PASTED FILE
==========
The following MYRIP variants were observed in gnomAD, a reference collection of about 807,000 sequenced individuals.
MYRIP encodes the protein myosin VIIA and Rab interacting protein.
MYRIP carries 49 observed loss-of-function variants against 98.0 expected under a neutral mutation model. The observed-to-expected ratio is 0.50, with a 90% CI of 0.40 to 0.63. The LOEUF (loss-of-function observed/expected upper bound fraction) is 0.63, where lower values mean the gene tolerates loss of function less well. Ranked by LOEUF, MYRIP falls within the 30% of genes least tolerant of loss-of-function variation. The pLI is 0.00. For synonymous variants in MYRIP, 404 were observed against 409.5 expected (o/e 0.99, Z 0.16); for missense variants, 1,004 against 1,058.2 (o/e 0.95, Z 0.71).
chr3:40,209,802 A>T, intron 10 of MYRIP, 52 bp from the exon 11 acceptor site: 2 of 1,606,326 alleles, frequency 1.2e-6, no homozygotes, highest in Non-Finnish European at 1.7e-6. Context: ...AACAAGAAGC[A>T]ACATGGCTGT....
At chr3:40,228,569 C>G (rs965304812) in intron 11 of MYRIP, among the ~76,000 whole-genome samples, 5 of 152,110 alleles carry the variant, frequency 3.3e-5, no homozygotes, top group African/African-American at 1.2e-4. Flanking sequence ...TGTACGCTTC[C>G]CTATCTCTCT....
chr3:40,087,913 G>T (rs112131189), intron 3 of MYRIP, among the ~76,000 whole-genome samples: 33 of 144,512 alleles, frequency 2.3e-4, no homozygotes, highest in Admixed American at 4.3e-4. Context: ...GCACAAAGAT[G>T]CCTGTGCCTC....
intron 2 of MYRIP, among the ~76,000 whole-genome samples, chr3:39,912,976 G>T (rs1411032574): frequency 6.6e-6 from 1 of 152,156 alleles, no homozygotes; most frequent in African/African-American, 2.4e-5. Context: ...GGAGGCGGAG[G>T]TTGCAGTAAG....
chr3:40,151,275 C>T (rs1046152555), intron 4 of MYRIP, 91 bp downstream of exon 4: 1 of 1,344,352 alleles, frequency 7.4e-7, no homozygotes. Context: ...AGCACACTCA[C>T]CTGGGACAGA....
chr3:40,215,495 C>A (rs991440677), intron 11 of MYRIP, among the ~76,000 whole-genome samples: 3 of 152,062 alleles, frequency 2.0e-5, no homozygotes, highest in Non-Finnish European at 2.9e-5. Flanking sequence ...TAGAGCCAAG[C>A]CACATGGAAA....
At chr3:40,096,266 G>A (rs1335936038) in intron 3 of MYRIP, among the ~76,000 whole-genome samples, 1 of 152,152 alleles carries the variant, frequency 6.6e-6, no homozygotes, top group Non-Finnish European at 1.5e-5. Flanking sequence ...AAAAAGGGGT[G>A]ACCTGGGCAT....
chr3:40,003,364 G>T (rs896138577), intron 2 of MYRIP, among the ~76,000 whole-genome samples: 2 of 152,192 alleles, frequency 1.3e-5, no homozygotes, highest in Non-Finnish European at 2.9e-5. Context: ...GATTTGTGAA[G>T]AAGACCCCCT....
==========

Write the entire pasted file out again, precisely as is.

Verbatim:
The following MYRIP variants were observed in gnomAD, a reference collection of about 807,000 sequenced individuals.
MYRIP encodes the protein myosin VIIA and Rab interacting protein.
MYRIP carries 49 observed loss-of-function variants against 98.0 expected under a neutral mutation model. The observed-to-expected ratio is 0.50, with a 90% CI of 0.40 to 0.63. The LOEUF (loss-of-function observed/expected upper bound fraction) is 0.63, where lower values mean the gene tolerates loss of function less well. Ranked by LOEUF, MYRIP falls within the 30% of genes least tolerant of loss-of-function variation. The pLI is 0.00. For synonymous variants in MYRIP, 404 were observed against 409.5 expected (o/e 0.99, Z 0.16); for missense variants, 1,004 against 1,058.2 (o/e 0.95, Z 0.71).
chr3:40,209,802 A>T, intron 10 of MYRIP, 52 bp from the exon 11 acceptor site: 2 of 1,606,326 alleles, frequency 1.2e-6, no homozygotes, highest in Non-Finnish European at 1.7e-6. Context: ...AACAAGAAGC[A>T]ACATGGCTGT....
At chr3:40,228,569 C>G (rs965304812) in intron 11 of MYRIP, among the ~76,000 whole-genome samples, 5 of 152,110 alleles carry the variant, frequency 3.3e-5, no homozygotes, top group African/African-American at 1.2e-4. Flanking sequence ...TGTACGCTTC[C>G]CTATCTCTCT....
chr3:40,087,913 G>T (rs112131189), intron 3 of MYRIP, among the ~76,000 whole-genome samples: 33 of 144,512 alleles, frequency 2.3e-4, no homozygotes, highest in Admixed American at 4.3e-4. Context: ...GCACAAAGAT[G>T]CCTGTGCCTC....
intron 2 of MYRIP, among the ~76,000 whole-genome samples, chr3:39,912,976 G>T (rs1411032574): frequency 6.6e-6 from 1 of 152,156 alleles, no homozygotes; most frequent in African/African-American, 2.4e-5. Context: ...GGAGGCGGAG[G>T]TTGCAGTAAG....
chr3:40,151,275 C>T (rs1046152555), intron 4 of MYRIP, 91 bp downstream of exon 4: 1 of 1,344,352 alleles, frequency 7.4e-7, no homozygotes. Context: ...AGCACACTCA[C>T]CTGGGACAGA....
chr3:40,215,495 C>A (rs991440677), intron 11 of MYRIP, among the ~76,000 whole-genome samples: 3 of 152,062 alleles, frequency 2.0e-5, no homozygotes, highest in Non-Finnish European at 2.9e-5. Flanking sequence ...TAGAGCCAAG[C>A]CACATGGAAA....
At chr3:40,096,266 G>A (rs1335936038) in intron 3 of MYRIP, among the ~76,000 whole-genome samples, 1 of 152,152 alleles carries the variant, frequency 6.6e-6, no homozygotes, top group Non-Finnish European at 1.5e-5. Flanking sequence ...AAAAAGGGGT[G>A]ACCTGGGCAT....
chr3:40,003,364 G>T (rs896138577), intron 2 of MYRIP, among the ~76,000 whole-genome samples: 2 of 152,192 alleles, frequency 1.3e-5, no homozygotes, highest in Non-Finnish European at 2.9e-5. Context: ...GATTTGTGAA[G>T]AAGACCCCCT....